Michael Dell, the entrepreneur who founded the computer retailer “Dell” and built it into a multi-billion dollars business must be gone from Dell. Once a poster child for customer centric marketing, web site performance enhancement making it better converting and more user friendly at the same time.
Dell computers might not be the best computers on the planet in regards to their quality, but the company always made up for it via their customer support and service.
It seems that the drive to improve on things stops after an order was placed and hopefully starts over after the computer was shipped to the customer. That is what I hope, because my experiences after I placed my order for a brand new Dell Studio XPS 16 Notebook on August 11, 2009 (17 days ago) things started to become really bad.
I had serious issues with my computers to say it mildly. A series of hardware failures combined with the support that I paid for but never got, because the company who purchased the business from the retailer where I bought my previous notebook went out of business, 2 weeks before my hardware problems started. After all this misfortune I finally decided to buy another Dell. I purchased multiple Dell computers in the past and was overall happy with them and the service provided, if I had a problem with the machine.
I thought that my string of bad luck had an end, when I saw that there is a great promotion available for the Dell notebook that I was interested in. 20% off the entire order. Not bad. So I started to build my computer on the Dell web site. When I was done, I decided to take advantage of the option to buy the machine on credit without paying interests for a full year. I started the qualification process, but the process started to hang. I waited 10 or so minutes and then picked up the phone to call the Dell sales department.
They were able to access my shopping cart and we continued from there. I got qualified for Dell Preferred program and a credit line that was much higher than what I needed. The sales rep was very helpful and I even made some adjustments to the machine configuration to improve on things a bit more. Especially the “CompleteCare” Warranty was important for me to make sure that things will be taken care of quickly, should I get an issue with the machine. I told the rep that I needed a computer quickly and even changed the shipping method for my order to Next Business Day for that reason.
The rep told me that the computer should be shipped within a few business days, which I was very happy about. When we were going over the entire order one last time, I noticed that the rep mentioned an estimated delivery date of September 11, 2009. I asked about it and said that this is not an acceptable date for me. I needed a new computer yesterday and not in one month. He said that this date is unrealistic and only to cover cases like unexpected hardware shortages. My order will be fine. I said that I will take his word for it.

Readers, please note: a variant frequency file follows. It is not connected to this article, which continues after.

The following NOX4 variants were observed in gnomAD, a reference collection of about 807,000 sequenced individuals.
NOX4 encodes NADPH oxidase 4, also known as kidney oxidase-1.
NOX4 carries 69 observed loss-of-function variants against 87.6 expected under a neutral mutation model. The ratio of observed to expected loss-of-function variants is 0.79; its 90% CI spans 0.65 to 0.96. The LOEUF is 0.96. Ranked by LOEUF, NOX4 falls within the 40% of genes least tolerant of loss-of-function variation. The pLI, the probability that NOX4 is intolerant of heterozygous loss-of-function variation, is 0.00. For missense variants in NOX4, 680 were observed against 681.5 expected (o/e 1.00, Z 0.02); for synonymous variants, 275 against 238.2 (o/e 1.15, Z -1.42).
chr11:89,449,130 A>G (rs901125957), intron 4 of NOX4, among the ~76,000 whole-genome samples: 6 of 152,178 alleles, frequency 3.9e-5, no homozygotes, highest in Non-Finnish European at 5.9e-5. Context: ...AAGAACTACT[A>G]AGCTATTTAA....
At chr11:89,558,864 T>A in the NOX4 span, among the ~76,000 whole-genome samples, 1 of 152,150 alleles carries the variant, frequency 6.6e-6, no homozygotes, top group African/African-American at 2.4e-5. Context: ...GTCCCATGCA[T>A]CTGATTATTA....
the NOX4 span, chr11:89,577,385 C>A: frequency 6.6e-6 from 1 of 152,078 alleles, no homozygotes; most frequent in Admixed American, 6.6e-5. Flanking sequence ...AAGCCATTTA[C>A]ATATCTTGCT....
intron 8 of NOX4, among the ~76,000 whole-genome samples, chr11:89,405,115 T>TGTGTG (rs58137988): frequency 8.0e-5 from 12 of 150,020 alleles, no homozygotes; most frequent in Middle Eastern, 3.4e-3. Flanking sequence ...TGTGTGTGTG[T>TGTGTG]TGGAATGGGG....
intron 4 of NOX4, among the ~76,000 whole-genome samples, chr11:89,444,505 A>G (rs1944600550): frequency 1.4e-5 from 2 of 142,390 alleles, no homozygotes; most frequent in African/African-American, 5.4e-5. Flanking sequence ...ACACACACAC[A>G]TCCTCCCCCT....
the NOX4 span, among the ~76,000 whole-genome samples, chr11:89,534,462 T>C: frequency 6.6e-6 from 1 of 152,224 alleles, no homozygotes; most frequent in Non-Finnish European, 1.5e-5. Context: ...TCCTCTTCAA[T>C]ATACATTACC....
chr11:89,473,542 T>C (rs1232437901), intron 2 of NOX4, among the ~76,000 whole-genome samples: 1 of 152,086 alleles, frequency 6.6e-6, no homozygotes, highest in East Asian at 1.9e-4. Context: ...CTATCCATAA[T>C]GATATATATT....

Calling Customer Service
Well, a week and a half passed and the only thing that I got so far is the spare battery for the notebook.
I called customer services to inquire about the status of my order. There I got told that the machine is in high demand at the moment, which explains the delay. I said to the rep that I mentioned when I placed the order that it is urgent and that he can see that, if he looks at the delivery method. Normal shipping would have been free, but I paid $69 to get it as quickly as humanly possible.
I asked if there is a way that I could get a higher priority or expedited processing. I am of course willing to pay for this special treatment. He said, that Dell does not offer such an option, but that he will see what he can do to speed up the process. He didn’t say how and also avoided to give a clear answer when I asked him that.
Another Call and More Bull
This Monday, August 24, 2009 I called again, but this time not being so nice anymore, because I felt being bullshitted and lied to. Not to mention that I am still in desperate need of a new computer. The computer is the tool that I need to make my living. My livelihood depends on it so to speak. A faulty or inadequate computer reduces to disables my ability to do my work properly, in the required quality and timely fashion. The rep could not help me at all and his manager was busy. I provided my phone number to get a call back the next day (it was already evening when I called on Monday).